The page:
I was more than a little late to the Tragically Hip party. I didn’t come to Canada until 2015, but you don’t have to be here long to figure out how important they are to this country and its social and cultural fabric. I checked them out passingly and I really liked what I heard. ‘My Music at Work’ has powered me through so many late nights, and tracks like ‘Bobcaygeon’ have a habit of coming on the radio at just the right time.
Even when The Hip became impossible to ignore, I didn’t feel caught up in the moment. When Gord passed on October 17, I made a solemn note of the day, but I never felt like I’d known him the way the rest of Canada does. Social media outlets were flooded with tributes, recollections and memories of Downie and The Tragically Hip. That all changed over the weekend, however. I attended a screening of Long Time Running, at the First Ontario Performing Arts Centre, Downtown St.Catharines. Their screenings were nearly sold out each night, which speaks to the signfiance of the passing of this Canadian icon. Long Time Running is a documentary following the band through the ins and outs of their final tour. The film captured many moving and powerful moments. But, there was one thing that stood out above everything else. It wasn’t Gord’s neurosurgeon fighting back tears as he shared his sombre news at a press conference. It wasn’t the hundreds of thousands of fans crying, slow dancing and cheering in front of their favourite band. Could not be the three encores he did for fans at their final show in Kingston.It wasn’t even the stories they all had to share about what The Hip meant to them. No: above all else, what hit the hardest was Gord’s beaming, undefeatable smile, which shone through every fibre of his being. His sense of humour, about himself and everything else, never wavered. His passion for his work was evident in every step he took.
It was undeniable, Gord Downie loved every minute of his life, and he loved every single one of the millions of people that supported him, even until the very end. It would be easy to say that Canada is a little less bright for his passing, but the truth is that the light he shone while he was with us will never fade. May his spirit carry through Canadian culture for future generation to relish in.
So rest in peace, Gord; we’ll be singing along until there’s no one left to sing.
Dan Clemens, Contributor
Below we have an obiturary dedicated to the late Gord Downie.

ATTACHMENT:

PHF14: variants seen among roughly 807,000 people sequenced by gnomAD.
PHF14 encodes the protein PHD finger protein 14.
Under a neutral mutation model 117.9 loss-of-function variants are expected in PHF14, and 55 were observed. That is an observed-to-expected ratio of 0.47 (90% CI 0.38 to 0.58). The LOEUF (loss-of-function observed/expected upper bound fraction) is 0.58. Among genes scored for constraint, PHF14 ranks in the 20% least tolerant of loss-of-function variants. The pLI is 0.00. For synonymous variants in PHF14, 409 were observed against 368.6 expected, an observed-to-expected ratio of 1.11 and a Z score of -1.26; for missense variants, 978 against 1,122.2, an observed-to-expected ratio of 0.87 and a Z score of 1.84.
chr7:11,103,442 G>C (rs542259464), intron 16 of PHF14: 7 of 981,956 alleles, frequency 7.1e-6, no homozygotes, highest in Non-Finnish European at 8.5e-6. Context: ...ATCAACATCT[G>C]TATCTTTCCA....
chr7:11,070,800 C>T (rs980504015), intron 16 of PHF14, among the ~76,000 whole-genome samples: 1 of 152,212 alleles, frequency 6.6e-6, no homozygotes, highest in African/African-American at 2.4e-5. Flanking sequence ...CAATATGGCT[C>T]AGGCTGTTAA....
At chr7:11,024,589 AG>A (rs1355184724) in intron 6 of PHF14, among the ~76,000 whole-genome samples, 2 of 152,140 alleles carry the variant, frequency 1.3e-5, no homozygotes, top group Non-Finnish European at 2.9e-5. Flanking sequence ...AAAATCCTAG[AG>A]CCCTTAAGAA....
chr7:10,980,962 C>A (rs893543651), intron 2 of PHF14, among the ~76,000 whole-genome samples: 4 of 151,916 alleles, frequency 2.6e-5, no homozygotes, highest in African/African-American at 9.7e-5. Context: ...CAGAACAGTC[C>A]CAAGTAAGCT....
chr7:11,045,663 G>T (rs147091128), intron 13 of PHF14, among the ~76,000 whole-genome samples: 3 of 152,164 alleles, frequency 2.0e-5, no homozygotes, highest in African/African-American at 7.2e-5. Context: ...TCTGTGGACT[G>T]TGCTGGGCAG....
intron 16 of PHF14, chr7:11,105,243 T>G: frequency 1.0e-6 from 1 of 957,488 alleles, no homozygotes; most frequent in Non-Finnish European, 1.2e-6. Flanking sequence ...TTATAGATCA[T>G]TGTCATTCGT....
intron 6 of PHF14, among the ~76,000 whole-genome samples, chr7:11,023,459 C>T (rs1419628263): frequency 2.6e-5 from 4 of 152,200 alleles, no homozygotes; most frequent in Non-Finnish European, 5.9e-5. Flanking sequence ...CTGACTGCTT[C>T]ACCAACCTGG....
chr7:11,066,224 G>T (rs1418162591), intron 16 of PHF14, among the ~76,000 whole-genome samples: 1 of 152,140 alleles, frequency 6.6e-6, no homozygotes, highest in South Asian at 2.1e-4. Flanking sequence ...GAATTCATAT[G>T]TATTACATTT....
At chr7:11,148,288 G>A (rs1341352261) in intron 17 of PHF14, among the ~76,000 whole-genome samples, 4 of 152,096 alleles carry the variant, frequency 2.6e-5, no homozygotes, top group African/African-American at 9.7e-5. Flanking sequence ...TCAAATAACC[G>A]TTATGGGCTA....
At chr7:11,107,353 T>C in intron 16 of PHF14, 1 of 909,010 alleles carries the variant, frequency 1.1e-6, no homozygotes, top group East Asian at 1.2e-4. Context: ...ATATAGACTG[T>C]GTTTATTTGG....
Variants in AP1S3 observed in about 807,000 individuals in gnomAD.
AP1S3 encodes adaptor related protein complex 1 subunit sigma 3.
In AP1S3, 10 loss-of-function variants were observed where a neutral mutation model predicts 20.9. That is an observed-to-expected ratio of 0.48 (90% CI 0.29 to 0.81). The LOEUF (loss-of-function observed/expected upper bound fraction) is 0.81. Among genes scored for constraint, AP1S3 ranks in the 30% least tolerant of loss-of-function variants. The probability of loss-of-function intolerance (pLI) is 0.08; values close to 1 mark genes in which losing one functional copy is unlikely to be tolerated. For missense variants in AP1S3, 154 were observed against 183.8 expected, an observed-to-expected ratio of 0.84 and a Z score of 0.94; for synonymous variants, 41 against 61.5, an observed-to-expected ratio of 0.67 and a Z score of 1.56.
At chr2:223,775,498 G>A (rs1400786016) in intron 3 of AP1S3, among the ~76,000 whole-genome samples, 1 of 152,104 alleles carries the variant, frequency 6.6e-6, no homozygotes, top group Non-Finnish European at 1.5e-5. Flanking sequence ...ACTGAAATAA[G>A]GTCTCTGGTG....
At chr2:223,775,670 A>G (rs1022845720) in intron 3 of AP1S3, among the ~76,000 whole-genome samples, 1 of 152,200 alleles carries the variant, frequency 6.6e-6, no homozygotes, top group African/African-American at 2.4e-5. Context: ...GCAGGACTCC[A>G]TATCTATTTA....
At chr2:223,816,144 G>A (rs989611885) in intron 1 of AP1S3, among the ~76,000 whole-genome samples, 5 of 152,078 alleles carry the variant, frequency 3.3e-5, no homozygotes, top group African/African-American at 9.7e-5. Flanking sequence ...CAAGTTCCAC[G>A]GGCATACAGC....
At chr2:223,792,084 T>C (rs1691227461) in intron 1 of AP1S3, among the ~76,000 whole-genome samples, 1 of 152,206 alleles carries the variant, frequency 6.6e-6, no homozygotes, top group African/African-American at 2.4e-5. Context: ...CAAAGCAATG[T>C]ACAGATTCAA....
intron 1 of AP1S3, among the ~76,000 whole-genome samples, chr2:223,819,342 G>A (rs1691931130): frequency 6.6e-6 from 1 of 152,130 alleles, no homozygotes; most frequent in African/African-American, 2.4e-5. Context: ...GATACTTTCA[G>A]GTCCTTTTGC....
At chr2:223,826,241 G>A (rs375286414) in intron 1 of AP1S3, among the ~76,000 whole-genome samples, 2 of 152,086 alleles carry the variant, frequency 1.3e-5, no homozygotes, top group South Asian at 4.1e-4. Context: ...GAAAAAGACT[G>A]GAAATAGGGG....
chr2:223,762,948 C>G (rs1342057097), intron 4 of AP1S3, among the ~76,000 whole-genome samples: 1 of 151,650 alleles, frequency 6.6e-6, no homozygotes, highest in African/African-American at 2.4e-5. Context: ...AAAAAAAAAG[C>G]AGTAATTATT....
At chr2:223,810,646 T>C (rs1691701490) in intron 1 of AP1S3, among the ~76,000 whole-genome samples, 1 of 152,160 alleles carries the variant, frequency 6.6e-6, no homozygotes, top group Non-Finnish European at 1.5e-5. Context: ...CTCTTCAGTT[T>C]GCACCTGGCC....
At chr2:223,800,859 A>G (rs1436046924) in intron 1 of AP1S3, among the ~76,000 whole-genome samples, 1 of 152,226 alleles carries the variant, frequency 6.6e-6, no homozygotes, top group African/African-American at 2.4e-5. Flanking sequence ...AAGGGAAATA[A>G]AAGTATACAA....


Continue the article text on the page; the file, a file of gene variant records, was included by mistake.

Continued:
Him? No longer here, now? No…
I believe that courage is the enabling virtue, the virtue that makes all others possible. In other words, it’s a kind of root good — without it, it’s hard to do any other kind of good in the world. He was and will forever be the paragon of Canadian musicality; a national icon of literary and artistic excellence.
Before today, I don’t think I could have given a satisfactory answer to the question: what is it, to be truly courageous in the face of death? How can anyone stare into the wild eyes of the unknown that is death, so coolly — to walk like a matador towards it, to be anything but ‘chicken s***’? And now we all know.
Perhaps most tragic of all is his relative youth, coupled with his obvious vigor and life-giving presence across a national landscape. Thinking of courage, and of this most-human tragedy, I think of the lyrics to the eponymous hip song:
Consists in the necessity
Of living with the consequences”
Interestingly, there is merely living (i.e. continuing on) despite the consequences one faces; and then there is (also) a continual and defiant living, the unperturbed continuation of a robust and generous existence. Glioblastoma never diminished his super-capacity to love.
In the inescapability of consequences lies tragedy — to a point. But there is always the possibility to convert bleak fate into triumph, via courage. That said, I will forever remember Gord as a matador. I confess that I can’t appropriately eulogize or offer an obituary for a man I haven’t met. I’m just a fan, one forever spellbound not only by his professional work but also by his elevation of both living and dying into artforms.
Final thought: poetry and opacity often go hand-in-hand. Poetry, like life, “does not owe us pleasure; (but) it does offer us meaning”. Following the ‘matador’ line (in Flamenco) Gord adds: “…And turn breezes into rivulets…” — or, to turn wind into water. I can’t claim to fully comprehend the true meaning offered here. I can only offer an interpretation: despite the inescapable, one-directional transition of life into death, Gord somehow turned the breeze of death into rivulets of life.